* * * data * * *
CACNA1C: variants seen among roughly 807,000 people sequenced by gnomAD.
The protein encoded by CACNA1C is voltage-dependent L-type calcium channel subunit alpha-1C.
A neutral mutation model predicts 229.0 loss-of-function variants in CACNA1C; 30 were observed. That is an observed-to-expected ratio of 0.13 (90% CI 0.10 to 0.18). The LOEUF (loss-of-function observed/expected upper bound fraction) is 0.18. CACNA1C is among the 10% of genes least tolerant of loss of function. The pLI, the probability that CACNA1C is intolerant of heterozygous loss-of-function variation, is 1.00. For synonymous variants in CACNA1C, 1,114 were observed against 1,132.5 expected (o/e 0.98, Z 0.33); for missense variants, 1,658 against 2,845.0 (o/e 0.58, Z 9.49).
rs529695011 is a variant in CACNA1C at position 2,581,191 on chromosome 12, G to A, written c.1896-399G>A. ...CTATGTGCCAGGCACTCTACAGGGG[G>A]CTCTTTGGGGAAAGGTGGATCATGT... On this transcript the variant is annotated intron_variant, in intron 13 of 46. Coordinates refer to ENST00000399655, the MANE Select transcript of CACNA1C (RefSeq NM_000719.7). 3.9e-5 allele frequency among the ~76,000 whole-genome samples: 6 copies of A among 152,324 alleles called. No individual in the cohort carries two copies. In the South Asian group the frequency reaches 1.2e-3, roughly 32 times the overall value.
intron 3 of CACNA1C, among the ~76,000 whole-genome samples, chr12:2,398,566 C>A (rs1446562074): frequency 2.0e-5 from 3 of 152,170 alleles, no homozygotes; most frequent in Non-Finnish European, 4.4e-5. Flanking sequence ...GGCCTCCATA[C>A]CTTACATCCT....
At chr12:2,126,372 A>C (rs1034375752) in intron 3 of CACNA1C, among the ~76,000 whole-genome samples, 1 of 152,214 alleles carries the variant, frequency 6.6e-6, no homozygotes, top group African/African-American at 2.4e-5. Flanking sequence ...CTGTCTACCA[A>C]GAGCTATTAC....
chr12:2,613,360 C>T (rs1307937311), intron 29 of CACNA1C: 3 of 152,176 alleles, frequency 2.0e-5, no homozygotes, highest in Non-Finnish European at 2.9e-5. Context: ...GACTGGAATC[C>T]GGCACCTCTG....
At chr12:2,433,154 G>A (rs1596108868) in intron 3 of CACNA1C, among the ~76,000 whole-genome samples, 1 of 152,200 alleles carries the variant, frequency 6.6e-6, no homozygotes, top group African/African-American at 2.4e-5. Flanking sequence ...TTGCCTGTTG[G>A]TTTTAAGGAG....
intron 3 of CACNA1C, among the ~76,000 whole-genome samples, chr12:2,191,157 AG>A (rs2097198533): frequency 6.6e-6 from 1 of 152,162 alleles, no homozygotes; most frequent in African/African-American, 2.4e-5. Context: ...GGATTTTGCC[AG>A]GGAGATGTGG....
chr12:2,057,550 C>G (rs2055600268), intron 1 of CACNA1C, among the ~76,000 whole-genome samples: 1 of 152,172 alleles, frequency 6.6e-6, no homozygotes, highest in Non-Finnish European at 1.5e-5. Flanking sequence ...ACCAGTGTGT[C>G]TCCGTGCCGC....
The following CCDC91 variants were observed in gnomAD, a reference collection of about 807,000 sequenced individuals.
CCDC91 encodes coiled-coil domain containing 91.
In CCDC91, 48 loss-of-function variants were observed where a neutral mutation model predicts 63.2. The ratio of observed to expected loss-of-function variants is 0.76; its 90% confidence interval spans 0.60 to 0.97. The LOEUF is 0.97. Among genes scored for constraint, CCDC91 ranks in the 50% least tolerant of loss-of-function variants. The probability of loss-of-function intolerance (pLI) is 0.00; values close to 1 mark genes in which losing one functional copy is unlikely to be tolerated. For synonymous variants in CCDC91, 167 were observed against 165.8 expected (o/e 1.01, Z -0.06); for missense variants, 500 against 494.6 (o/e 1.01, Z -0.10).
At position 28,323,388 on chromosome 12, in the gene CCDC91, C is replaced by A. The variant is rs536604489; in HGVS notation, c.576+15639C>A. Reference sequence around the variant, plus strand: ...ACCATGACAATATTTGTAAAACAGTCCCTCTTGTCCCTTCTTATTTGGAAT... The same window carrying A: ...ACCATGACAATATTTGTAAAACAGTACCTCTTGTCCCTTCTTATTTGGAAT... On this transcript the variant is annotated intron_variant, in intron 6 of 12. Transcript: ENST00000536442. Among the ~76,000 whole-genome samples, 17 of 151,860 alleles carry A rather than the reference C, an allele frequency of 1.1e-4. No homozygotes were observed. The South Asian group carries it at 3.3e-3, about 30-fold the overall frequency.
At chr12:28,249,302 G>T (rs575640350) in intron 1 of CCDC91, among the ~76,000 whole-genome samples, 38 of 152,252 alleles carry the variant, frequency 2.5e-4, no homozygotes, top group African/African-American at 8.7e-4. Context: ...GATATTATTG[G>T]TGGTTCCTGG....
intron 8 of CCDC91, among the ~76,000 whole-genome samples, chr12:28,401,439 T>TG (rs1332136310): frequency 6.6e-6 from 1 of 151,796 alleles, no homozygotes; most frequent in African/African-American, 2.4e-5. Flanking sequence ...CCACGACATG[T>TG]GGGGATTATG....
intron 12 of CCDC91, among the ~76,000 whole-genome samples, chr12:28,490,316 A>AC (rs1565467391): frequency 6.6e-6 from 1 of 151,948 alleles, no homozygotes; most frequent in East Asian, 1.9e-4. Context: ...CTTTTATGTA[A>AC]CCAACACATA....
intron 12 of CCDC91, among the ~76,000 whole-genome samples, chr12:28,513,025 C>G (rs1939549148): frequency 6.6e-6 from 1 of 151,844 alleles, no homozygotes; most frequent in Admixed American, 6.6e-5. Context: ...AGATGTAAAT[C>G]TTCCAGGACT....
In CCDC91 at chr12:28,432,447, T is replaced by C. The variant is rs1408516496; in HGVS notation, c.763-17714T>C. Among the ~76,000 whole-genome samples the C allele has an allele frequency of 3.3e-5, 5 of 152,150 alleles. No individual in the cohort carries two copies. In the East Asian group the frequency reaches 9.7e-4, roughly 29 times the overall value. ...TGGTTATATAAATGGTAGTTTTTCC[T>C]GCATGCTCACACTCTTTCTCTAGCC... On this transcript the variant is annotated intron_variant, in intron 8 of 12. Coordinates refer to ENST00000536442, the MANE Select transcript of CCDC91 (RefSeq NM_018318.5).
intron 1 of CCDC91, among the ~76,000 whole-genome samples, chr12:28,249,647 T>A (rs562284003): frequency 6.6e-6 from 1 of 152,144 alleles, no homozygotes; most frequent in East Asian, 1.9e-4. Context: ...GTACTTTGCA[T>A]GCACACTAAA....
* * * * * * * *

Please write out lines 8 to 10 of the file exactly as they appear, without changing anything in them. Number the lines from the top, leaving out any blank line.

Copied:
At chr12:2,433,154 G>A (rs1596108868) in intron 3 of CACNA1C, among the ~76,000 whole-genome samples, 1 of 152,200 alleles carries the variant, frequency 6.6e-6, no homozygotes, top group African/African-American at 2.4e-5. Flanking sequence ...TTGCCTGTTG[G>A]TTTTAAGGAG....
intron 3 of CACNA1C, among the ~76,000 whole-genome samples, chr12:2,191,157 AG>A (rs2097198533): frequency 6.6e-6 from 1 of 152,162 alleles, no homozygotes; most frequent in African/African-American, 2.4e-5. Context: ...GGATTTTGCC[AG>A]GGAGATGTGG....
chr12:2,057,550 C>G (rs2055600268), intron 1 of CACNA1C, among the ~76,000 whole-genome samples: 1 of 152,172 alleles, frequency 6.6e-6, no homozygotes, highest in Non-Finnish European at 1.5e-5. Flanking sequence ...ACCAGTGTGT[C>G]TCCGTGCCGC....